PROPOSALS FOR SETTLEMENT: When Giving In Doesn’t Cut It
United Auto. Ins. Co.v. John S. Virga, D.C., P.A., a/a/o Gaviria, --- So. 3d --- (Fla. 3d DCA July 24, 2013) is a case where the appellant kept trying to confess error, but the confession was not accepted by the circuit court appellate panel. The Third District not only accepted it, but found that the circuit judges had departed from the essential requirements of law. The court found that it was error to deny appellate attorney’s fees under the proposal for settlement statute, F.S. § 768.79. The circuit court read the language in the statute “pursuant to a policy of liability insurance” in section 768.79(1) so as to require a defendant-insurer “to refer to the policy provision providing the substantive basis for fees.” However, this language relied upon by the circuit court merely refers to third-party actions where the insurer seeks to recover attorney’s fees based on an insurance policy provision requiring the insurer to provide a legal defense for its insured. Section 768.79(1) does not require a policy provision regarding attorney’s fees in actions where, as here, the insurer is the defendant, incurring attorney’s fees on its own behalf.
Marshall v. Buttonwood Bay Condo. Ass’n, Inc., --- So. 3d --- (Fla. 3d DCA July 24, 2013) quashed a protective order barring the defendant from deposing the Association’s corporate representative simply because defendant had taken a deposition in another pending action.
Spence-Jones v. Dunn, --- So. 3d --- (Fla. 3d DCA July 24, 2013) affirmed the well-reasoned opinion of Judge Cueto that the commissioner was ineligible to seek a third term, even though she had been temporarily suspended.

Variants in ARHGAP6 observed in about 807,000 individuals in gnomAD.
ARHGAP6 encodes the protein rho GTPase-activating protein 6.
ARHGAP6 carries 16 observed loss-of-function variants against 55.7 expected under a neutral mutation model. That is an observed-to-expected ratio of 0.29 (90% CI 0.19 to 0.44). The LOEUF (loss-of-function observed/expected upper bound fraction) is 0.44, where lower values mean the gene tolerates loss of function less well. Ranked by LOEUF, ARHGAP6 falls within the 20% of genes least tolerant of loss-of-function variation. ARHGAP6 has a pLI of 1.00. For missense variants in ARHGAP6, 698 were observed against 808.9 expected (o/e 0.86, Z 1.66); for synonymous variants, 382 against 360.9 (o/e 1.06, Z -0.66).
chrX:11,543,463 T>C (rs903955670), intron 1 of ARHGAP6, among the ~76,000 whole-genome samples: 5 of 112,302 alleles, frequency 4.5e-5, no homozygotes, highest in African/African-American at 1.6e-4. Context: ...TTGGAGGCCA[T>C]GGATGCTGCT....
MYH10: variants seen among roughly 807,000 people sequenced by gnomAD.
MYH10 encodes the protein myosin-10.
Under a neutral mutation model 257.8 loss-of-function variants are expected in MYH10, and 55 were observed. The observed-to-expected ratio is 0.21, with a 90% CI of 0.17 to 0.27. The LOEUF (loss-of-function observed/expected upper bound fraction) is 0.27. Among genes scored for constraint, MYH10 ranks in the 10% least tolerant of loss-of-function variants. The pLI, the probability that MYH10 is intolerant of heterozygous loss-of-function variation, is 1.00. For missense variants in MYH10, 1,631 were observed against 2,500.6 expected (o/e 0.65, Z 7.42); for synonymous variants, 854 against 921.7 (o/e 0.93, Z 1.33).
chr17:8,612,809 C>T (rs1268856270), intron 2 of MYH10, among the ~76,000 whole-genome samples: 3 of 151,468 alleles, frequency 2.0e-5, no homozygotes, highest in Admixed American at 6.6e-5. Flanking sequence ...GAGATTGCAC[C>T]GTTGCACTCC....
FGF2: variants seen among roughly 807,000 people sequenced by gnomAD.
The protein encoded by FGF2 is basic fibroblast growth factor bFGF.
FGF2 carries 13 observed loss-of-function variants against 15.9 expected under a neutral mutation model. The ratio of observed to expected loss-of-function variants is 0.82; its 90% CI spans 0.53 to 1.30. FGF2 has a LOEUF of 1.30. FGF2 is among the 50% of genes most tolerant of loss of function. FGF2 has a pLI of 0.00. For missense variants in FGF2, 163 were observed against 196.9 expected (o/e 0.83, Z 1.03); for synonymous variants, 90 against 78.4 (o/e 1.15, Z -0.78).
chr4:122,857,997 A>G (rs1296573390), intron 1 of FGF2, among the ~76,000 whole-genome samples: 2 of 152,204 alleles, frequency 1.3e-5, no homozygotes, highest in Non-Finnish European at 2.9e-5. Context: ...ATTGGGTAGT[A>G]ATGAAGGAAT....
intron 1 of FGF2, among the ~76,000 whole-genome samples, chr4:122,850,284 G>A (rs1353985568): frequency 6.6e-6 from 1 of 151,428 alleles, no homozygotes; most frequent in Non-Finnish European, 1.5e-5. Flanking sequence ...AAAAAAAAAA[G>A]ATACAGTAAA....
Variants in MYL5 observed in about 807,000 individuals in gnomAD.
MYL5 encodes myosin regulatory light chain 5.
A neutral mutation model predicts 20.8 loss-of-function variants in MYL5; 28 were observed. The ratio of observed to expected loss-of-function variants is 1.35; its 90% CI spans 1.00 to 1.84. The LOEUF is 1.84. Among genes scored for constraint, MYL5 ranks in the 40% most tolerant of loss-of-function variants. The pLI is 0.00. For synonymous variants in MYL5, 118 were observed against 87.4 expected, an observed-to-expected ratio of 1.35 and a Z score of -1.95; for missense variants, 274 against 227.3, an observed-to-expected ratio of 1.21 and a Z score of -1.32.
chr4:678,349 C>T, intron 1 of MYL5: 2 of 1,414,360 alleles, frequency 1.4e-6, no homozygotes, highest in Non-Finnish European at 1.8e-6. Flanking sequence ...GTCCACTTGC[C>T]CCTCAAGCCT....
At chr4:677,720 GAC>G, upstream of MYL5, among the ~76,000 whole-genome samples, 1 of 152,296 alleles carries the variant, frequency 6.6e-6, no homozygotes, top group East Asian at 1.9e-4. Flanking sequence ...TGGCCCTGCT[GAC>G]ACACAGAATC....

Maronda Homes, Inc. v. Lakeview Reserve Homeowners Ass'n, 2013 Fla. LEXIS 1430 (Fla. July 11, 2013) held that the implied warranties of fitness and merchantability applied to the improvements that provide essential services to Homeowners Association and that F.S. § 553.835 does not apply to any causes of action that accrued before the effective date of the section. That statute, applicable to “offsite improvements,” had attempted to overturn the decision of the district court by making it apply retroactively. The supreme court refused to do so.
Arsali v. Chase Home Fin. LLC, 2013 Fla. LEXIS 1428 (Fla. July 11, 2013) held that the inadequacy of the bid price does not need to be alleged and proved to set aside a judicial foreclosure sale.
was an appeal of a judgment entered in favor of Maroone after InterAmerican Car Rental, Inc. went out of business. Maroone sued InterAmerican's depository bank and financing banks claiming Regions Bank accepted for deposit into InterAmerican's operating account a number of checks made payable to both InterAmerican and Maroone, but were not properly endorsed by Maroone. The opinion does not address why the bank was liable in the first place when a number of prior checks were handled the same way, by InterAmerican typing in the name of Maroone and cashing them without Maroone’s endorsement, and Maroone never complained about this procedure until InterAmerican went under and Maroone did not receive payment.
Wolfe v. Foreman, 2013 Fla. App. LEXIS 11230 (Fla. 3d DCA July 17, 2013) held that the litigation privilege, which protects actions taken in the course of and related to a judicial proceeding from civil liability, applies to causes of action for: (1) abuse of process; and (2) malicious prosecution. Here, the attorneys withdrew as soon as they realized the client had misrepresented the facts.